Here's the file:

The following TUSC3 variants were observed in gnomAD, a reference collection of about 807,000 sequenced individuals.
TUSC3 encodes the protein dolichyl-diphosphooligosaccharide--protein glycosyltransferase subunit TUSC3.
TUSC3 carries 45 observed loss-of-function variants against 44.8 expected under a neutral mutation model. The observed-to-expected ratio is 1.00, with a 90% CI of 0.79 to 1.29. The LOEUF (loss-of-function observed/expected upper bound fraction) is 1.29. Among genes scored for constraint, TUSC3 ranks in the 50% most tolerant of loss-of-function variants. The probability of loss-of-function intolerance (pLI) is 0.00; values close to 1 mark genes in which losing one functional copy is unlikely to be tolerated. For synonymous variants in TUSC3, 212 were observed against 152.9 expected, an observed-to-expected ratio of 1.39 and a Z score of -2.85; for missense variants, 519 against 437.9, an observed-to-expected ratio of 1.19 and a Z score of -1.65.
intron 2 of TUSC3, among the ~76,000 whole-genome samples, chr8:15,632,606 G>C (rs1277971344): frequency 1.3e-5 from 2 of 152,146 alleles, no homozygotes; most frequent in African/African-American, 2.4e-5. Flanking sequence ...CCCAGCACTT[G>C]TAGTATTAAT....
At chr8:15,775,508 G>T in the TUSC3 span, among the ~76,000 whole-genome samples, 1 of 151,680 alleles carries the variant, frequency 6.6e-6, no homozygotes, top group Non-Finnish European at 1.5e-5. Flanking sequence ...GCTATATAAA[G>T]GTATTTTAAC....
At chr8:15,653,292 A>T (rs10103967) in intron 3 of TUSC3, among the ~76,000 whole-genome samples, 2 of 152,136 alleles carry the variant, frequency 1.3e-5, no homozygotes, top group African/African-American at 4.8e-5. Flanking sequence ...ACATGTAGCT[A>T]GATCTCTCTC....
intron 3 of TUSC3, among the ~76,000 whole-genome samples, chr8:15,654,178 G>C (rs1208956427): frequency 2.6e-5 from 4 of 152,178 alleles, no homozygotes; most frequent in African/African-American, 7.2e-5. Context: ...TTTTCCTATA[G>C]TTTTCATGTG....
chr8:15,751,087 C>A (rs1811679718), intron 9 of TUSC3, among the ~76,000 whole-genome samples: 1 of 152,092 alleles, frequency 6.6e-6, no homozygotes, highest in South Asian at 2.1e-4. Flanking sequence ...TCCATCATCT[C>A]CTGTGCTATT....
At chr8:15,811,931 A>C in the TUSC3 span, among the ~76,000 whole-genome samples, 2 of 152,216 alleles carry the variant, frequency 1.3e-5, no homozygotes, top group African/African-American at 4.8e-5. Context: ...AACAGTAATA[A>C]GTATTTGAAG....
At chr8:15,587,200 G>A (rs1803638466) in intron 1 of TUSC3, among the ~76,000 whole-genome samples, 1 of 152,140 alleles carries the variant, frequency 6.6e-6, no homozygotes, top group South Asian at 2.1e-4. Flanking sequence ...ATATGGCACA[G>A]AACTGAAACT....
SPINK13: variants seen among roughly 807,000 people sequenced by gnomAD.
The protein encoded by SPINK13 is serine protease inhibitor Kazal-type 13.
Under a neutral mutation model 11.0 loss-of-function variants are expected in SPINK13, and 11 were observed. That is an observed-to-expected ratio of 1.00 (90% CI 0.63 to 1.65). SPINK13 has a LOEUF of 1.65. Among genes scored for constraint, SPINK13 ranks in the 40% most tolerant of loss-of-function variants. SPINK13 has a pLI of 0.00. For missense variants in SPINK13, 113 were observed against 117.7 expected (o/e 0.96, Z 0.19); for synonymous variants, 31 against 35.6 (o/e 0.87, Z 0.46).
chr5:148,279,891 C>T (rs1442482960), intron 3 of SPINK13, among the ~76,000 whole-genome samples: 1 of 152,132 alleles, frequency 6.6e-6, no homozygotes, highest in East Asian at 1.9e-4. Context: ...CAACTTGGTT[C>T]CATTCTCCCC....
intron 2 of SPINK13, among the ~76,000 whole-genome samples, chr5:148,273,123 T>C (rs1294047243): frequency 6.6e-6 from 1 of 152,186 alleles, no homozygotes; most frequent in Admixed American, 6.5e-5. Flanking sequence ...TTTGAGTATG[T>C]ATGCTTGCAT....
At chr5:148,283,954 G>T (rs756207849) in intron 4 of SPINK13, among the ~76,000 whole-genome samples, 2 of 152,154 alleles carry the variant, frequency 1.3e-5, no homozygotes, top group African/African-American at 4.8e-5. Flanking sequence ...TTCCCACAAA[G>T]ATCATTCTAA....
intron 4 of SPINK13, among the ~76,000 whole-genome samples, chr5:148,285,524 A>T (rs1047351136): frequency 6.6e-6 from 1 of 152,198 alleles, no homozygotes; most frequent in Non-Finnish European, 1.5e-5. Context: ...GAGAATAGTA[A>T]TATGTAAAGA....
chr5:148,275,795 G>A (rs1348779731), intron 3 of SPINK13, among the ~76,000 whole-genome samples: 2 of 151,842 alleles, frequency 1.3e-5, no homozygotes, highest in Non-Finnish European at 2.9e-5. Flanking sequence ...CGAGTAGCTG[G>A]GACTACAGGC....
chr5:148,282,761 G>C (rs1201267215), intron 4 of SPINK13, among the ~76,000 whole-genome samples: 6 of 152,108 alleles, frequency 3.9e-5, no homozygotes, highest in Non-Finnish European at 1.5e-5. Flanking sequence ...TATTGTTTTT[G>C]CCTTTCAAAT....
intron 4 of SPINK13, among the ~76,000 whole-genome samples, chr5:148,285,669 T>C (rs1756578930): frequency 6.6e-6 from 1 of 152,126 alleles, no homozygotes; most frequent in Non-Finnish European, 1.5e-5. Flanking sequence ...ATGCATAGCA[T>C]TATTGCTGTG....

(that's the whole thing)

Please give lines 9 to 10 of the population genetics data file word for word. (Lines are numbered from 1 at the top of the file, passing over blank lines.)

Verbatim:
At chr8:15,811,931 A>C in the TUSC3 span, among the ~76,000 whole-genome samples, 2 of 152,216 alleles carry the variant, frequency 1.3e-5, no homozygotes, top group African/African-American at 4.8e-5. Context: ...AACAGTAATA[A>C]GTATTTGAAG....
At chr8:15,587,200 G>A (rs1803638466) in intron 1 of TUSC3, among the ~76,000 whole-genome samples, 1 of 152,140 alleles carries the variant, frequency 6.6e-6, no homozygotes, top group South Asian at 2.1e-4. Flanking sequence ...ATATGGCACA[G>A]AACTGAAACT....